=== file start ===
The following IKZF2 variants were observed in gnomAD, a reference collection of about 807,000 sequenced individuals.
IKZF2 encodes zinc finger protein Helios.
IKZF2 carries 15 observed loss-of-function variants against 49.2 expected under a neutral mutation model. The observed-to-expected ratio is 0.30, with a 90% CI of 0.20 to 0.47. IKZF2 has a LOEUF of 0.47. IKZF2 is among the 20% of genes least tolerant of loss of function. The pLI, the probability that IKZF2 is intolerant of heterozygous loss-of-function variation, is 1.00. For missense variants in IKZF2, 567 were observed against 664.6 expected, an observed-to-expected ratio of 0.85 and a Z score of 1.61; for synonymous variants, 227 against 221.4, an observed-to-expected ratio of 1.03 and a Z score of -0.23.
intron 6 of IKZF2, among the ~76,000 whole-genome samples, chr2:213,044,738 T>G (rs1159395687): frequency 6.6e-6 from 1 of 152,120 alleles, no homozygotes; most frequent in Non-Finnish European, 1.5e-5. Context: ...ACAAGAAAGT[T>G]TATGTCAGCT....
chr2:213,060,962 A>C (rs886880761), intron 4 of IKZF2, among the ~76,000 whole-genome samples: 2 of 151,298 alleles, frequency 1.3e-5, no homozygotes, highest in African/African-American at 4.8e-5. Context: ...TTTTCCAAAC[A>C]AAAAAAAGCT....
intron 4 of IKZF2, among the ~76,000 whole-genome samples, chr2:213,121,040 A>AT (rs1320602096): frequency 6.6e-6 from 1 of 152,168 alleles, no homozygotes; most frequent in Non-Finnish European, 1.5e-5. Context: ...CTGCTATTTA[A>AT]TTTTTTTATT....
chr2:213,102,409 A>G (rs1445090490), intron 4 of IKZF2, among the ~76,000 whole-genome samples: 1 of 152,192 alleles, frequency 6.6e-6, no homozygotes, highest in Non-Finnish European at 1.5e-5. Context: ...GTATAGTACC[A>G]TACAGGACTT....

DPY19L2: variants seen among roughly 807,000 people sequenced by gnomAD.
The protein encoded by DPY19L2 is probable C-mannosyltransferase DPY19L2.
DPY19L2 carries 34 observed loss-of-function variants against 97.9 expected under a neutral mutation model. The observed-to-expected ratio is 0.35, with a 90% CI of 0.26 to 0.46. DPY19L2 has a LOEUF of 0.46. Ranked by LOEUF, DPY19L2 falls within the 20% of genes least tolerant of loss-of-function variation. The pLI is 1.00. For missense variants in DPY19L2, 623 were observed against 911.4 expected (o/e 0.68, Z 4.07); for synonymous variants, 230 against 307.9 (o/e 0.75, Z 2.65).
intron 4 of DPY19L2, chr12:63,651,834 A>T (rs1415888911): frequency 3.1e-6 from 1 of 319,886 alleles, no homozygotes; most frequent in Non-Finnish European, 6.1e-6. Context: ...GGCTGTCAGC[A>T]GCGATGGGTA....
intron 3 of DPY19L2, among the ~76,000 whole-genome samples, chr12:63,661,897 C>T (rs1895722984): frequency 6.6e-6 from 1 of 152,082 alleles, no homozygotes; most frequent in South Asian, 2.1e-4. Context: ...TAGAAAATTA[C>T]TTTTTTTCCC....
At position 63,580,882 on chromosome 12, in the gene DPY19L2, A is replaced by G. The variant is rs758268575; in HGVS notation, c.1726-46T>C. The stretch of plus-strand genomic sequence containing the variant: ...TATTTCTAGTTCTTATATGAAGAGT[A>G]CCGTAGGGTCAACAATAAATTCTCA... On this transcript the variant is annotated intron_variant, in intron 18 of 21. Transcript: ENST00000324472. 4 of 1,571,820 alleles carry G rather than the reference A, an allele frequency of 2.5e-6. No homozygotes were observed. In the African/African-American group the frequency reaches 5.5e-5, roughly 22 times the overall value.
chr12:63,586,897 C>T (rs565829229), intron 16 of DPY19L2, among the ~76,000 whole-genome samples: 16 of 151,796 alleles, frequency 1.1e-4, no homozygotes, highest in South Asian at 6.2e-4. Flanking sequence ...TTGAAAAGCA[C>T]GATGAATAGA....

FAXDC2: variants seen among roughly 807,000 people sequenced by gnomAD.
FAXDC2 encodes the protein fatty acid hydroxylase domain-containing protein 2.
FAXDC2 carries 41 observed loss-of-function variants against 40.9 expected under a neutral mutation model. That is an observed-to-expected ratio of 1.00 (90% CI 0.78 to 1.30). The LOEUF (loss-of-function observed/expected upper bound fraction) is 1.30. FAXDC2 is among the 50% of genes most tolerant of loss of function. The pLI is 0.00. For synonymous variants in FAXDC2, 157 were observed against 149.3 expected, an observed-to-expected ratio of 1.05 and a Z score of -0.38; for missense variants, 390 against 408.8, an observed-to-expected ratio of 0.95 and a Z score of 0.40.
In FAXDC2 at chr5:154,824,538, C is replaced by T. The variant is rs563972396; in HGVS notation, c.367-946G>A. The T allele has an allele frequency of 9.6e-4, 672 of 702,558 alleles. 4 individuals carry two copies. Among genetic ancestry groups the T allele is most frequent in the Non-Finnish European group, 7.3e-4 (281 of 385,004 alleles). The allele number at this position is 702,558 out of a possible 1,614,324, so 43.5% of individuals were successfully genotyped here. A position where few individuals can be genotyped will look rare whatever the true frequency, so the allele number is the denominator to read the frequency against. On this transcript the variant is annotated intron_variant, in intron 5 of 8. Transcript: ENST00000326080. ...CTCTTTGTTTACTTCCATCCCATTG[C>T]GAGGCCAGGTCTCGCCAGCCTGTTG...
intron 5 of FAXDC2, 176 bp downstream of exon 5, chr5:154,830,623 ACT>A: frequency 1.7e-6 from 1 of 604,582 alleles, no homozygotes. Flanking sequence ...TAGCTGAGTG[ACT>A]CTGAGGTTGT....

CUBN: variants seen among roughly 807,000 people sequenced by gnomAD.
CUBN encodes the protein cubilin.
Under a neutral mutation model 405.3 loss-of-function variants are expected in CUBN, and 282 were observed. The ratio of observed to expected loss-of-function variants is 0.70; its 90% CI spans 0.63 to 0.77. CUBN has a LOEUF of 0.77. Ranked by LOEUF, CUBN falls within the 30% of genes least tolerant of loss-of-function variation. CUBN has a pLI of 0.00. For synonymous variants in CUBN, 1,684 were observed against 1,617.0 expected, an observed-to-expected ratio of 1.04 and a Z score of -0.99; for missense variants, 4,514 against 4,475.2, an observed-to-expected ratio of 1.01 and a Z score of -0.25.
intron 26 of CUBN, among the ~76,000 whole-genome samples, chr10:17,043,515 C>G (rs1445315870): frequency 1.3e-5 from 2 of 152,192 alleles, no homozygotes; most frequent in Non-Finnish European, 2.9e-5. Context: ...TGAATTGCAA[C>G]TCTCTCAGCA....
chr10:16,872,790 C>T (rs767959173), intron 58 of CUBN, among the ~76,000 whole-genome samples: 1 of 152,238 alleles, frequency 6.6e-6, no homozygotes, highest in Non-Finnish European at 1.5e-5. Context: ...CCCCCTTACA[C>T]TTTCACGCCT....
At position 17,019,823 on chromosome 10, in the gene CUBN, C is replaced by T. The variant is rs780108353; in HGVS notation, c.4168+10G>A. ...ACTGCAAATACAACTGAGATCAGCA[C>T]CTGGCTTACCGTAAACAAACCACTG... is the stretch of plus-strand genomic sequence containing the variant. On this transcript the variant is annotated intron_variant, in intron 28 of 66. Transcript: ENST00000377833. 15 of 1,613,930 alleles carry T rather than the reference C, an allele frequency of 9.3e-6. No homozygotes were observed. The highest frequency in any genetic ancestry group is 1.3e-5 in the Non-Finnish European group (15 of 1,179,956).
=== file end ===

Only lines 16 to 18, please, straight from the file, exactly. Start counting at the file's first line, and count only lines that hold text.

FAXDC2 encodes the protein fatty acid hydroxylase domain-containing protein 2.
FAXDC2 carries 41 observed loss-of-function variants against 40.9 expected under a neutral mutation model. That is an observed-to-expected ratio of 1.00 (90% CI 0.78 to 1.30). The LOEUF (loss-of-function observed/expected upper bound fraction) is 1.30. FAXDC2 is among the 50% of genes most tolerant of loss of function. The pLI is 0.00. For synonymous variants in FAXDC2, 157 were observed against 149.3 expected, an observed-to-expected ratio of 1.05 and a Z score of -0.38; for missense variants, 390 against 408.8, an observed-to-expected ratio of 0.95 and a Z score of 0.40.
In FAXDC2 at chr5:154,824,538, C is replaced by T. The variant is rs563972396; in HGVS notation, c.367-946G>A. The T allele has an allele frequency of 9.6e-4, 672 of 702,558 alleles. 4 individuals carry two copies. Among genetic ancestry groups the T allele is most frequent in the Non-Finnish European group, 7.3e-4 (281 of 385,004 alleles). The allele number at this position is 702,558 out of a possible 1,614,324, so 43.5% of individuals were successfully genotyped here. A position where few individuals can be genotyped will look rare whatever the true frequency, so the allele number is the denominator to read the frequency against. On this transcript the variant is annotated intron_variant, in intron 5 of 8. Transcript: ENST00000326080. ...CTCTTTGTTTACTTCCATCCCATTG[C>T]GAGGCCAGGTCTCGCCAGCCTGTTG...